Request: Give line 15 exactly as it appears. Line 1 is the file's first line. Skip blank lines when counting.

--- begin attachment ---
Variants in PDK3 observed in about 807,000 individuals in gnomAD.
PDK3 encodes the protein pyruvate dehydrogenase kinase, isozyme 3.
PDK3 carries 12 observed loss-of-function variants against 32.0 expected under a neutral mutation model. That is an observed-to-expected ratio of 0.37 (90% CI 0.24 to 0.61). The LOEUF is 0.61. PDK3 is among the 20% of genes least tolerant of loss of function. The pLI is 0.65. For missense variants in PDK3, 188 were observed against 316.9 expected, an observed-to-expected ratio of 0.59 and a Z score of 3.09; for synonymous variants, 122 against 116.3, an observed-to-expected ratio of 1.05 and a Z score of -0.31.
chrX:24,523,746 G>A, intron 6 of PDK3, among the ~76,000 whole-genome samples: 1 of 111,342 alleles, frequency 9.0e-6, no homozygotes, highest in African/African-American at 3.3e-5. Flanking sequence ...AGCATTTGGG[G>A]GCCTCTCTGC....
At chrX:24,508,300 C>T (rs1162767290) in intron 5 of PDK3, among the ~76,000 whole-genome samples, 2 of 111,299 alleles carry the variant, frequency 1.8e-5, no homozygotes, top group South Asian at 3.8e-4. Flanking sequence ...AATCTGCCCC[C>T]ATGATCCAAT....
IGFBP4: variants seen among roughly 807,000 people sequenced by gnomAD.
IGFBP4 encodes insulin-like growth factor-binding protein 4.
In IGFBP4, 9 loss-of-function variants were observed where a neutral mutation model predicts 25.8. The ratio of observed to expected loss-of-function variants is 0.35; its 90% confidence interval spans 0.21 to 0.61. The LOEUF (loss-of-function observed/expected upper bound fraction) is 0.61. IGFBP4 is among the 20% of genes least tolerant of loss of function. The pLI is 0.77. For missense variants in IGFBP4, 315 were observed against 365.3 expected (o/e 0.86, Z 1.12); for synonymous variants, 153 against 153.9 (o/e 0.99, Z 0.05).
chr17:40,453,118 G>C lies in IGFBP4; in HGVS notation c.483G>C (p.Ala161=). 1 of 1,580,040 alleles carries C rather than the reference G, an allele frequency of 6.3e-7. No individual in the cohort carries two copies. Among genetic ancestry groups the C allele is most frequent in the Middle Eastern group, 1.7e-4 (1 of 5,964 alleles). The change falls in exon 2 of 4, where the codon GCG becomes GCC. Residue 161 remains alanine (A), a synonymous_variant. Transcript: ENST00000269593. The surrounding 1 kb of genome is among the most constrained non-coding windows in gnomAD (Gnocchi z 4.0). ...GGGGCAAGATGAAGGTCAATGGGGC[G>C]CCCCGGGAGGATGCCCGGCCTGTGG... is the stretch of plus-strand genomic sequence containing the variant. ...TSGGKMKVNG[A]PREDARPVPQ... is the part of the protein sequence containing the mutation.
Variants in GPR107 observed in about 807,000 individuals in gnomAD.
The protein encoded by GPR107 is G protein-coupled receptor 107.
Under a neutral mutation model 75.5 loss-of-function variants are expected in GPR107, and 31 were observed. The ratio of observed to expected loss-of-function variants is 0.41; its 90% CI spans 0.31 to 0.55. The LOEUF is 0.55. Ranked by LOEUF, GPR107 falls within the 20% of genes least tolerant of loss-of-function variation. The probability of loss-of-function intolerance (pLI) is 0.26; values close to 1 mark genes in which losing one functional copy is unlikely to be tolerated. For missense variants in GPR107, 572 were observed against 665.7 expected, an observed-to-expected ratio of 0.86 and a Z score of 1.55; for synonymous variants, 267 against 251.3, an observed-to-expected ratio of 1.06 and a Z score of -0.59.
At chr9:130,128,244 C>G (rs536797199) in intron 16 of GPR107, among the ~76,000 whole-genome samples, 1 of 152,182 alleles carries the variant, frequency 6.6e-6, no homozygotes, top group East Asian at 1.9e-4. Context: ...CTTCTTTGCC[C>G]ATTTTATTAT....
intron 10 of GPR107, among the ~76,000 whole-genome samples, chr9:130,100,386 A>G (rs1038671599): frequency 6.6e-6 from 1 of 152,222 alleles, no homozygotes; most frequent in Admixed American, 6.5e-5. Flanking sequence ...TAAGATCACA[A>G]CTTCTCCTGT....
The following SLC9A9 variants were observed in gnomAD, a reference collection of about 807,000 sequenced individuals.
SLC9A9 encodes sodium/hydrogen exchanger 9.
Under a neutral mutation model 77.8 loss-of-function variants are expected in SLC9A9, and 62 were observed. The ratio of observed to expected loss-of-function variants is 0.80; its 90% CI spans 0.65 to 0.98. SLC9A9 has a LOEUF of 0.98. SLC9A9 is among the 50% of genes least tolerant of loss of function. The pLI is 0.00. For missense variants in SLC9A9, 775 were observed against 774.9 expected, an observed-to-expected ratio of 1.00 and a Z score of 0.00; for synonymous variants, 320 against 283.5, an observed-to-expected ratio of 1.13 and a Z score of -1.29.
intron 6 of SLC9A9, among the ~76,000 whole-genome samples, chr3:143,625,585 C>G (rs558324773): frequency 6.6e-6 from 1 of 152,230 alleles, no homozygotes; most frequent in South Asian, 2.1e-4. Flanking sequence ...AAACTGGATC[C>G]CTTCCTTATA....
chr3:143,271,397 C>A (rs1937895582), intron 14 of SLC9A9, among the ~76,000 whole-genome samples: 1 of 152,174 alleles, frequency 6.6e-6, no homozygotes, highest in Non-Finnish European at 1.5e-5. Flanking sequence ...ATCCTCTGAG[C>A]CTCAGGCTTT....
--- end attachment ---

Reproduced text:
The following SLC9A9 variants were observed in gnomAD, a reference collection of about 807,000 sequenced individuals.